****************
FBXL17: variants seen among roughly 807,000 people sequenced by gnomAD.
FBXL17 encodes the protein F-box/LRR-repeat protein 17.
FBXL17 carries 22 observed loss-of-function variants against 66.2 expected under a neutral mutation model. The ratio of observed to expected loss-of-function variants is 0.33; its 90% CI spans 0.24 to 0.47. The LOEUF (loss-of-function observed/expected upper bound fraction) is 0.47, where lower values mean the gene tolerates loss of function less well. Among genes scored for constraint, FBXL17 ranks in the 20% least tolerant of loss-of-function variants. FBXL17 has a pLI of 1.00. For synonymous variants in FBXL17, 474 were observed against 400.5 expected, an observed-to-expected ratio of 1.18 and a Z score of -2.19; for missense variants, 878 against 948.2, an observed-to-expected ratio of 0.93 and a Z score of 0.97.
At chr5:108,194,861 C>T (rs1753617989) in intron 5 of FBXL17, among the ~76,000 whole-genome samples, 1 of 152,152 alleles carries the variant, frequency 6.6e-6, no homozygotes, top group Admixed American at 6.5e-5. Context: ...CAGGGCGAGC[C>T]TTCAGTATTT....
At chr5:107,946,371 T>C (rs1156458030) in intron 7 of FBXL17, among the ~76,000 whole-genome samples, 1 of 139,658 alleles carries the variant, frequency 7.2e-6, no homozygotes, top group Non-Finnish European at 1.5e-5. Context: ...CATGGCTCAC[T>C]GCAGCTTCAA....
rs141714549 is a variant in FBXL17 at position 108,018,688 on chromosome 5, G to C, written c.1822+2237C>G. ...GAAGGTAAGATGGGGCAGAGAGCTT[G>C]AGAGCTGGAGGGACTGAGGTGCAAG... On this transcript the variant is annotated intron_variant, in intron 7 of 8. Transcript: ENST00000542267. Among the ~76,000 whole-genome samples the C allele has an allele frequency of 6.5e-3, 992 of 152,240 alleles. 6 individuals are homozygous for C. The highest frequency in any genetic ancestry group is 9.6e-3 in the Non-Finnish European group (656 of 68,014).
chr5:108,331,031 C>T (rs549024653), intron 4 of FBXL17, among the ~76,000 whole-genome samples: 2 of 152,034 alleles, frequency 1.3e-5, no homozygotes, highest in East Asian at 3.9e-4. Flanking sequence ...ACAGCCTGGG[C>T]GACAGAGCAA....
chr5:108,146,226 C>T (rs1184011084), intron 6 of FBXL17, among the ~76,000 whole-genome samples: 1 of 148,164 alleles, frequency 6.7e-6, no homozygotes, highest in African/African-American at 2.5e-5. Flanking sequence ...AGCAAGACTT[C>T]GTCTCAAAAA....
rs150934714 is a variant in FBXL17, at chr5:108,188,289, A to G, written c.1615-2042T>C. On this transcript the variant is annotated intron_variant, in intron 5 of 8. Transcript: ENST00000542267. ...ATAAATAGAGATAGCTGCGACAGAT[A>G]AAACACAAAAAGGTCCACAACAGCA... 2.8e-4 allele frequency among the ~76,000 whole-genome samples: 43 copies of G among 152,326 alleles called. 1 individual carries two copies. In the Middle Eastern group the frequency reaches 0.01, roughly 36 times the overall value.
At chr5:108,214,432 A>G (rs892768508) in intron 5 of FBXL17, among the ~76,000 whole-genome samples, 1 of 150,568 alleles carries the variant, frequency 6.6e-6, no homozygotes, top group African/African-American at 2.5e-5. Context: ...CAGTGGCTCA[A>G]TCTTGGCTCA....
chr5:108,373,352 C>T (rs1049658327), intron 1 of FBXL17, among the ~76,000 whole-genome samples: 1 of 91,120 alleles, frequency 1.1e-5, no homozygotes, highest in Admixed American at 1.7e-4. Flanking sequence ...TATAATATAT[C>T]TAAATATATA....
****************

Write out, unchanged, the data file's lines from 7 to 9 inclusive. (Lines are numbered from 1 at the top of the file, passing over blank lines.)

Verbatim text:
chr5:108,331,031 C>T (rs549024653), intron 4 of FBXL17, among the ~76,000 whole-genome samples: 2 of 152,034 alleles, frequency 1.3e-5, no homozygotes, highest in East Asian at 3.9e-4. Flanking sequence ...ACAGCCTGGG[C>T]GACAGAGCAA....
chr5:108,146,226 C>T (rs1184011084), intron 6 of FBXL17, among the ~76,000 whole-genome samples: 1 of 148,164 alleles, frequency 6.7e-6, no homozygotes, highest in African/African-American at 2.5e-5. Flanking sequence ...AGCAAGACTT[C>T]GTCTCAAAAA....
rs150934714 is a variant in FBXL17, at chr5:108,188,289, A to G, written c.1615-2042T>C. On this transcript the variant is annotated intron_variant, in intron 5 of 8. Transcript: ENST00000542267. ...ATAAATAGAGATAGCTGCGACAGAT[A>G]AAACACAAAAAGGTCCACAACAGCA... 2.8e-4 allele frequency among the ~76,000 whole-genome samples: 43 copies of G among 152,326 alleles called. 1 individual carries two copies. In the Middle Eastern group the frequency reaches 0.01, roughly 36 times the overall value.